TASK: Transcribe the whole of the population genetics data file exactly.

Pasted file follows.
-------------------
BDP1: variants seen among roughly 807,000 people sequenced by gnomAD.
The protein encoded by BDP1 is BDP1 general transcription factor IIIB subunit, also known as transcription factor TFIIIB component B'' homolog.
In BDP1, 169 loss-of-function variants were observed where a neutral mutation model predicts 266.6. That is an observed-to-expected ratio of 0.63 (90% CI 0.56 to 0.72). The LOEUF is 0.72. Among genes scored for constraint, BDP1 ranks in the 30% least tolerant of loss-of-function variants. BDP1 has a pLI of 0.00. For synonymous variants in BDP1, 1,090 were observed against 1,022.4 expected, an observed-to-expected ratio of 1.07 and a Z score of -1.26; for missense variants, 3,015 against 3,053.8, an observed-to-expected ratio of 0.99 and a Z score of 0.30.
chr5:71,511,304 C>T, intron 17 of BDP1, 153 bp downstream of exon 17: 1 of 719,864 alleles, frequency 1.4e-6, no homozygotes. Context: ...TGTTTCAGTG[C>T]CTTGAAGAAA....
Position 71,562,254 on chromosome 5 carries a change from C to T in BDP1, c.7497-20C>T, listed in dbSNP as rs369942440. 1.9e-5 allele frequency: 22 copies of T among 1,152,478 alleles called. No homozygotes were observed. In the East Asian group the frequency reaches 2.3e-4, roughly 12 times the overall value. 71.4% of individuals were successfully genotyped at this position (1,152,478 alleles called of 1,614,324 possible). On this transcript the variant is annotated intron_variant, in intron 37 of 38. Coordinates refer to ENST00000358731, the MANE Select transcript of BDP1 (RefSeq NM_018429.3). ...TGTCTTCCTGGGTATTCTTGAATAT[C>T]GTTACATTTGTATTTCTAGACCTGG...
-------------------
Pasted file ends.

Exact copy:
BDP1: variants seen among roughly 807,000 people sequenced by gnomAD.
The protein encoded by BDP1 is BDP1 general transcription factor IIIB subunit, also known as transcription factor TFIIIB component B'' homolog.
In BDP1, 169 loss-of-function variants were observed where a neutral mutation model predicts 266.6. That is an observed-to-expected ratio of 0.63 (90% CI 0.56 to 0.72). The LOEUF is 0.72. Among genes scored for constraint, BDP1 ranks in the 30% least tolerant of loss-of-function variants. BDP1 has a pLI of 0.00. For synonymous variants in BDP1, 1,090 were observed against 1,022.4 expected, an observed-to-expected ratio of 1.07 and a Z score of -1.26; for missense variants, 3,015 against 3,053.8, an observed-to-expected ratio of 0.99 and a Z score of 0.30.
chr5:71,511,304 C>T, intron 17 of BDP1, 153 bp downstream of exon 17: 1 of 719,864 alleles, frequency 1.4e-6, no homozygotes. Context: ...TGTTTCAGTG[C>T]CTTGAAGAAA....
Position 71,562,254 on chromosome 5 carries a change from C to T in BDP1, c.7497-20C>T, listed in dbSNP as rs369942440. 1.9e-5 allele frequency: 22 copies of T among 1,152,478 alleles called. No homozygotes were observed. In the East Asian group the frequency reaches 2.3e-4, roughly 12 times the overall value. 71.4% of individuals were successfully genotyped at this position (1,152,478 alleles called of 1,614,324 possible). On this transcript the variant is annotated intron_variant, in intron 37 of 38. Coordinates refer to ENST00000358731, the MANE Select transcript of BDP1 (RefSeq NM_018429.3). ...TGTCTTCCTGGGTATTCTTGAATAT[C>T]GTTACATTTGTATTTCTAGACCTGG...